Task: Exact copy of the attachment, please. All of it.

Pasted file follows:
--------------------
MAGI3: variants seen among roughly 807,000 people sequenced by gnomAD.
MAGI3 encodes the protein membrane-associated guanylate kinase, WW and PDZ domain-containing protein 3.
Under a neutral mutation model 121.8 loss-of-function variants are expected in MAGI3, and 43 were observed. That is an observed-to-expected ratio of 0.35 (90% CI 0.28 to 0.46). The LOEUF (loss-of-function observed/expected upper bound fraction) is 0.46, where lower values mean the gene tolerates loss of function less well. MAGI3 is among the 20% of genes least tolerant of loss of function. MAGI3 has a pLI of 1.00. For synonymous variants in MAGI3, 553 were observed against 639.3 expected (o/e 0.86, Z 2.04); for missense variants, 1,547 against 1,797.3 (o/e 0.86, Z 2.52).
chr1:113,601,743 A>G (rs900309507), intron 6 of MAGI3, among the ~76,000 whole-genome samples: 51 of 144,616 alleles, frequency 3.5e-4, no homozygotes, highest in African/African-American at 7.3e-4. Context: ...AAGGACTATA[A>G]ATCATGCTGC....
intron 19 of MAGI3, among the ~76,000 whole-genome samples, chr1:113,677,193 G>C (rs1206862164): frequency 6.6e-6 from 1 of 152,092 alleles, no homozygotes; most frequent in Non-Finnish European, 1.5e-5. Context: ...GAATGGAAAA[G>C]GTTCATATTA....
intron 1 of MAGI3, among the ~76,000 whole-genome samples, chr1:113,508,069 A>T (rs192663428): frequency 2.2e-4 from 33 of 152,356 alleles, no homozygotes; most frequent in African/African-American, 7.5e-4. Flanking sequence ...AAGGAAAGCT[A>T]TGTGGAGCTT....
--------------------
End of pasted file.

MAGI3: variants seen among roughly 807,000 people sequenced by gnomAD.
MAGI3 encodes the protein membrane-associated guanylate kinase, WW and PDZ domain-containing protein 3.
Under a neutral mutation model 121.8 loss-of-function variants are expected in MAGI3, and 43 were observed. That is an observed-to-expected ratio of 0.35 (90% CI 0.28 to 0.46). The LOEUF (loss-of-function observed/expected upper bound fraction) is 0.46, where lower values mean the gene tolerates loss of function less well. MAGI3 is among the 20% of genes least tolerant of loss of function. MAGI3 has a pLI of 1.00. For synonymous variants in MAGI3, 553 were observed against 639.3 expected (o/e 0.86, Z 2.04); for missense variants, 1,547 against 1,797.3 (o/e 0.86, Z 2.52).
chr1:113,601,743 A>G (rs900309507), intron 6 of MAGI3, among the ~76,000 whole-genome samples: 51 of 144,616 alleles, frequency 3.5e-4, no homozygotes, highest in African/African-American at 7.3e-4. Context: ...AAGGACTATA[A>G]ATCATGCTGC....
intron 19 of MAGI3, among the ~76,000 whole-genome samples, chr1:113,677,193 G>C (rs1206862164): frequency 6.6e-6 from 1 of 152,092 alleles, no homozygotes; most frequent in Non-Finnish European, 1.5e-5. Context: ...GAATGGAAAA[G>C]GTTCATATTA....
intron 1 of MAGI3, among the ~76,000 whole-genome samples, chr1:113,508,069 A>T (rs192663428): frequency 2.2e-4 from 33 of 152,356 alleles, no homozygotes; most frequent in African/African-American, 7.5e-4. Flanking sequence ...AAGGAAAGCT[A>T]TGTGGAGCTT....